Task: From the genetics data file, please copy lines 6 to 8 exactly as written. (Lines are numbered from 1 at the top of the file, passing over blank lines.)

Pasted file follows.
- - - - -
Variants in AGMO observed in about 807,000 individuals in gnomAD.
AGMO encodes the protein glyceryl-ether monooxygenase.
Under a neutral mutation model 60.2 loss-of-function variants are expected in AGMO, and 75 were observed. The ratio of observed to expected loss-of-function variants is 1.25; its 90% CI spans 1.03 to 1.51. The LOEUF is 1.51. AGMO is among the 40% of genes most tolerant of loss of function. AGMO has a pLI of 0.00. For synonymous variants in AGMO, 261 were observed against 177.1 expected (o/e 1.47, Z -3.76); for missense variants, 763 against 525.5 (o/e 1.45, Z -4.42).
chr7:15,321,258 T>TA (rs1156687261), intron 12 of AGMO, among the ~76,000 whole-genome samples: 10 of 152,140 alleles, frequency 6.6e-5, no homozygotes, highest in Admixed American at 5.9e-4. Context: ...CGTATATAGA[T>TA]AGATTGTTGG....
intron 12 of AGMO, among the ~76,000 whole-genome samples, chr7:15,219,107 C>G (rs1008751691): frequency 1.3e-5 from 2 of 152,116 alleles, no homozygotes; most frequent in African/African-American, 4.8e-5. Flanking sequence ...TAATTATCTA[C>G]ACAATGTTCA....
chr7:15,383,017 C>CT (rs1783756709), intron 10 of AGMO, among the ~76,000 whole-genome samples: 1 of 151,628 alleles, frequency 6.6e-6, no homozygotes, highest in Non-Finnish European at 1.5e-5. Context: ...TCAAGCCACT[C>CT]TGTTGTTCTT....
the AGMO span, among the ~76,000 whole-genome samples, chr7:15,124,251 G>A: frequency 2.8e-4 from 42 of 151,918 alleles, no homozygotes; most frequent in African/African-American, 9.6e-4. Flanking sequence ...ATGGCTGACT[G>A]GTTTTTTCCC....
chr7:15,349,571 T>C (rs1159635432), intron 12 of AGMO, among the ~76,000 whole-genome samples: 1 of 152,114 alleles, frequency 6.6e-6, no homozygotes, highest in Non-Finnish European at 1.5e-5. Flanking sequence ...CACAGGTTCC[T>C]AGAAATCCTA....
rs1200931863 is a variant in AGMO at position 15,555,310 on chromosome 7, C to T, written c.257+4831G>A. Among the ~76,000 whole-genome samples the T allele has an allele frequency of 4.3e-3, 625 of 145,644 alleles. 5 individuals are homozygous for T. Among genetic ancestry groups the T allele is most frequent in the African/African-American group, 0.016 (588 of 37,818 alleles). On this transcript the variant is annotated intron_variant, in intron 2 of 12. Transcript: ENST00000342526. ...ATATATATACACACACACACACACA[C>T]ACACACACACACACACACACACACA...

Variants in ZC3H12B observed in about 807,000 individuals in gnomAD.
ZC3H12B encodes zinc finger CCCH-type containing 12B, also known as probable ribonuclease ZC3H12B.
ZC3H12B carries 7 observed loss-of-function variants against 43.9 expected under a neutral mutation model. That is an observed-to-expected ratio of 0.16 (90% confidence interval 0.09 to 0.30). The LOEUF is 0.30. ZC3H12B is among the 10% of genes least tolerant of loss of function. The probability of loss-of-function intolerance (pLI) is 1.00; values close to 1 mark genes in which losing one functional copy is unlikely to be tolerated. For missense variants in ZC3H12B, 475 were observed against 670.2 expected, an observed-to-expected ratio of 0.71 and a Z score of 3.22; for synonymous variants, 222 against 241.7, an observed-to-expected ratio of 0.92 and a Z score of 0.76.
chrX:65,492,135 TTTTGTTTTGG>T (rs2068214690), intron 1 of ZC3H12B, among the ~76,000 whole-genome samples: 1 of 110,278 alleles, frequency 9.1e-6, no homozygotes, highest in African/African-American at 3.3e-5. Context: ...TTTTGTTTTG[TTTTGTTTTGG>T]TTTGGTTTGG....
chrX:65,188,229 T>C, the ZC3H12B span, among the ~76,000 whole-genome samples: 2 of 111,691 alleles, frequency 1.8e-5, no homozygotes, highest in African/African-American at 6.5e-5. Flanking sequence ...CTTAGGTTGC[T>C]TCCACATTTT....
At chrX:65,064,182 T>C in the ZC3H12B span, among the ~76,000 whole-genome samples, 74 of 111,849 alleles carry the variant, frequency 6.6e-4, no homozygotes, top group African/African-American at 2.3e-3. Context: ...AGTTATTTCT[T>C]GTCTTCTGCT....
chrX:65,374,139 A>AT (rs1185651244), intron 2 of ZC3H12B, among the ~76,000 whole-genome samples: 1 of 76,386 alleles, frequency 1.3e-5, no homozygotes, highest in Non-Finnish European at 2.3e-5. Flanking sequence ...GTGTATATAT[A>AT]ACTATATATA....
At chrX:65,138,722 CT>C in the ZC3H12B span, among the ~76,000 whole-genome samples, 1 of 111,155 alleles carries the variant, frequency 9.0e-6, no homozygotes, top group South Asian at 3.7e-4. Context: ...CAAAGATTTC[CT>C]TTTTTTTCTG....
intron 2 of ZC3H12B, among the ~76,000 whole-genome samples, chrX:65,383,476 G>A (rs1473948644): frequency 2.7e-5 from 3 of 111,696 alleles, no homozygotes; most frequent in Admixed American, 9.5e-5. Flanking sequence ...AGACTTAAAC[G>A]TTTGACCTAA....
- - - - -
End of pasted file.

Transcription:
chr7:15,383,017 C>CT (rs1783756709), intron 10 of AGMO, among the ~76,000 whole-genome samples: 1 of 151,628 alleles, frequency 6.6e-6, no homozygotes, highest in Non-Finnish European at 1.5e-5. Context: ...TCAAGCCACT[C>CT]TGTTGTTCTT....
the AGMO span, among the ~76,000 whole-genome samples, chr7:15,124,251 G>A: frequency 2.8e-4 from 42 of 151,918 alleles, no homozygotes; most frequent in African/African-American, 9.6e-4. Flanking sequence ...ATGGCTGACT[G>A]GTTTTTTCCC....
chr7:15,349,571 T>C (rs1159635432), intron 12 of AGMO, among the ~76,000 whole-genome samples: 1 of 152,114 alleles, frequency 6.6e-6, no homozygotes, highest in Non-Finnish European at 1.5e-5. Flanking sequence ...CACAGGTTCC[T>C]AGAAATCCTA....